BERLIN/MUNICH (Reuters) - German sportswear group Puma said it managed to avoid supply chain problems that have crimped sales growth at local rival Adidas by increasing inventories, as it posted a record quarter of sales and earnings on Friday.
Adidas said last month that its suppliers - mostly in Asia - have not been able to keep up with demand and it expects sales growth to slow to between 5 and 8 percent in 2019.
Puma Chief Executive Bjorn Gulden told reporters the company had consciously decided to increase stocks in its warehouses by 19 percent to avoid delays in getting products to market in upcoming quarters.
“We carried a little bit more of the inventory to actually make sure we don’t run into capacity issues that will hurt our sales,” he said.
In addition, Gulden said U.S.-China trade tensions had turned out to be “a little bit of a gift” as by moving some of its production to Vietnam and Bangladesh, Puma had freed up capacity in China to get products to customers more quickly.
“We were a little bit lucky because we had enormous growth in China and were quicker because we could produce quicker,” he said.
Puma’s first-quarter sales rose a currency-adjusted 15.3 percent to 1.32 billion euros ($1.47 billion), versus an analyst consensus for 1.3 billion, as it saw strong demand for its chunky RS-X sneakers and clothing for women.
Operating profit came in at 143 million euros versus a consensus forecast of 139 million.
Gulden said revenues and operating profit were the highest Puma has “ever achieved” in a quarter, but held off raising the company’s guidance - which analysts regard as conservative - saying upgrading after just three months was not in its culture.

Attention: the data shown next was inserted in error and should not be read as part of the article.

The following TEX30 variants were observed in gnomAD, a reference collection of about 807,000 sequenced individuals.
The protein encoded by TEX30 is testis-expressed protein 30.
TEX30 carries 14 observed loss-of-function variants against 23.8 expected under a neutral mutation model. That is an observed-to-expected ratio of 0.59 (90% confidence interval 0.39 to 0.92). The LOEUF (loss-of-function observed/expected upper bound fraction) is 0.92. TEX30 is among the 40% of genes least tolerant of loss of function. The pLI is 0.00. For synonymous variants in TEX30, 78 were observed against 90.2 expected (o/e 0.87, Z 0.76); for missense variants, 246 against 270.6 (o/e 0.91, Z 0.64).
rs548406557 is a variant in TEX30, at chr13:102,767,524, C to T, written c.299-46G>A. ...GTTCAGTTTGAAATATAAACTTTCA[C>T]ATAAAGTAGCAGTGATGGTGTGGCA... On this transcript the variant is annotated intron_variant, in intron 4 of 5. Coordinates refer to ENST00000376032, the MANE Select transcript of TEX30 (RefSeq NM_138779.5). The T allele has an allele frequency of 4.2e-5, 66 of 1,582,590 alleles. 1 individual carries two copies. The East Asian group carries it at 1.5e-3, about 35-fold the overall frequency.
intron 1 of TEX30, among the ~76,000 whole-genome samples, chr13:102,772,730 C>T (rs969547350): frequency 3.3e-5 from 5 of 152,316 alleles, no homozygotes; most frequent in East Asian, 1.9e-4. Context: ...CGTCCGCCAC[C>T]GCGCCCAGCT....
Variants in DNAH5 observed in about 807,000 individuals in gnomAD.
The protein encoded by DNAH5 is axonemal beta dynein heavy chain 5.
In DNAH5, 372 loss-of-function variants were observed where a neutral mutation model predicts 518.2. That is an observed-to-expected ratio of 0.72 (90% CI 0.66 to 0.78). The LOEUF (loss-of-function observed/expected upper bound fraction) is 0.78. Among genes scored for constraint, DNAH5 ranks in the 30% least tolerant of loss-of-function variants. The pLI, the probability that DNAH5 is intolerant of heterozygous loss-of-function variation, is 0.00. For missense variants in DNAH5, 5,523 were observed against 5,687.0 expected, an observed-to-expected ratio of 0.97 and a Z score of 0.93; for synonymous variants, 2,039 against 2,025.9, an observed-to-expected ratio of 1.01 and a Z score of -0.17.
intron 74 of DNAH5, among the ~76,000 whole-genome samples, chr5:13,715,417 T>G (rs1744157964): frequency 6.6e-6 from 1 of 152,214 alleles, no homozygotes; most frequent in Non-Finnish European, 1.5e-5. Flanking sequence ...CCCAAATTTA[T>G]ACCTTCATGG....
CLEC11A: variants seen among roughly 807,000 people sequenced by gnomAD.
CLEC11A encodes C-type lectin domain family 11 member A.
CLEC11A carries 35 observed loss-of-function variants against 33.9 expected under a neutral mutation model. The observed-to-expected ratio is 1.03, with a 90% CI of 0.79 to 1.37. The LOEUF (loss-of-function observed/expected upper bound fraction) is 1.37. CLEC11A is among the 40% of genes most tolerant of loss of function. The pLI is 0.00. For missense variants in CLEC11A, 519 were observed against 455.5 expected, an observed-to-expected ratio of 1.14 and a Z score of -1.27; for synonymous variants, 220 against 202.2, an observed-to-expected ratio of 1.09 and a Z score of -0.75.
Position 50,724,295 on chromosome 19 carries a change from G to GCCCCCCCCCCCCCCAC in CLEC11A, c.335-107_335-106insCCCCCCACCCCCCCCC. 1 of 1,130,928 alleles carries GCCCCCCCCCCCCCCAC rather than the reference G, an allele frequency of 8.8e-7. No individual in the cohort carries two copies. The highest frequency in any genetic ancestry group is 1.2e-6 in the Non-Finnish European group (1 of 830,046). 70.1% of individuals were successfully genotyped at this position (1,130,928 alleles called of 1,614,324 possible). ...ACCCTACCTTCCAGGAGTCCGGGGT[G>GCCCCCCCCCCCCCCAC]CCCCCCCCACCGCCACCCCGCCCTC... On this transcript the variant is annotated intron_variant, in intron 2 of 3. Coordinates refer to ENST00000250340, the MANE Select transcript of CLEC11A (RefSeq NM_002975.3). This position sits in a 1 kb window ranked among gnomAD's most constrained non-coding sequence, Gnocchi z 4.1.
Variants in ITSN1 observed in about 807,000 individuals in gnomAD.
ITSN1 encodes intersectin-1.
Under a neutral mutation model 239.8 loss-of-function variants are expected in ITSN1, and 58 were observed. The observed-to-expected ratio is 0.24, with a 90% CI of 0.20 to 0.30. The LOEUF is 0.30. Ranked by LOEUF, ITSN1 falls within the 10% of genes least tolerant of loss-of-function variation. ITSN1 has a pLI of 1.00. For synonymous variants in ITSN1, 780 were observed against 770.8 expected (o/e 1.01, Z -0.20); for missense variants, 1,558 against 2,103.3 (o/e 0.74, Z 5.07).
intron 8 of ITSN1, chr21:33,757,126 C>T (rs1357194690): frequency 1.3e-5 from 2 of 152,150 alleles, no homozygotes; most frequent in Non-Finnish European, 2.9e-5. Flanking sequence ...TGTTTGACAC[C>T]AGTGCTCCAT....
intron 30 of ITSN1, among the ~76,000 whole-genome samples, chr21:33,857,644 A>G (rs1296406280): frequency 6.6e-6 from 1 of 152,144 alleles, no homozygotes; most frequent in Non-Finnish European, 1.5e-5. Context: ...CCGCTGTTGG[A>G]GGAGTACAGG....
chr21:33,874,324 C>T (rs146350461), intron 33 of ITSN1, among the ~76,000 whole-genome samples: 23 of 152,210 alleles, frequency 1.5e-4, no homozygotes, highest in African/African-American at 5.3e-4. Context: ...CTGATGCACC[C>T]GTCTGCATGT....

Puma has forecast currency-adjusted sales growth of about 10 percent and operating profit of 395-415 million euros.
Shares in Puma, which have gained over 20 percent so far this year, were flat at 528.5 euros by 0856 GMT.
Puma has been growing faster than its bigger German rival Adidas and market leader Nike, helped by savvy social media campaigns and partnerships with celebrities like singers Selena Gomez and Rihanna and rap mogul Jay-Z.
Nike last month reported quarterly revenue that failed to beat Wall Street estimates for the first time in more than a year, as sales fell short of expectations in its biggest market of North America, sending its shares tumbling 5 percent.
Puma’s first-quarter sales rose a currency-adjusted 28.6 percent in Asia, and 16.3 percent in the Americas, helped by Puma’s launch of its first basketball shoe in 20 years in September.
Reporting by Caroline Copley; editing by Jason Neely and Elaine Hardcastle
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